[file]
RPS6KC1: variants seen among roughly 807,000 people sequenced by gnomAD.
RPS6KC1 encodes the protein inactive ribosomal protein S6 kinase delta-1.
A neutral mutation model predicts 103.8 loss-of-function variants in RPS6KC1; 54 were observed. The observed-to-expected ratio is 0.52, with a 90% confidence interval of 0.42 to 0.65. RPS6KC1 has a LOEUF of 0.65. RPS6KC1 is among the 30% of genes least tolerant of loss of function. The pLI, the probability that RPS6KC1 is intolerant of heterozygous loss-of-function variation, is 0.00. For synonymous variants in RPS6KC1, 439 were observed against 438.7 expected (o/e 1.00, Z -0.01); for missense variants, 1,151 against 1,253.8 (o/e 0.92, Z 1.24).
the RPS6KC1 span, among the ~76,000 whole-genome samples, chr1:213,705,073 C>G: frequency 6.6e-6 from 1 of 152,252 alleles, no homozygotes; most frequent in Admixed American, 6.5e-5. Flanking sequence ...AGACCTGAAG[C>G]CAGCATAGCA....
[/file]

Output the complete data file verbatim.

RPS6KC1: variants seen among roughly 807,000 people sequenced by gnomAD.
RPS6KC1 encodes the protein inactive ribosomal protein S6 kinase delta-1.
A neutral mutation model predicts 103.8 loss-of-function variants in RPS6KC1; 54 were observed. The observed-to-expected ratio is 0.52, with a 90% confidence interval of 0.42 to 0.65. RPS6KC1 has a LOEUF of 0.65. RPS6KC1 is among the 30% of genes least tolerant of loss of function. The pLI, the probability that RPS6KC1 is intolerant of heterozygous loss-of-function variation, is 0.00. For synonymous variants in RPS6KC1, 439 were observed against 438.7 expected (o/e 1.00, Z -0.01); for missense variants, 1,151 against 1,253.8 (o/e 0.92, Z 1.24).
the RPS6KC1 span, among the ~76,000 whole-genome samples, chr1:213,705,073 C>G: frequency 6.6e-6 from 1 of 152,252 alleles, no homozygotes; most frequent in Admixed American, 6.5e-5. Flanking sequence ...AGACCTGAAG[C>G]CAGCATAGCA....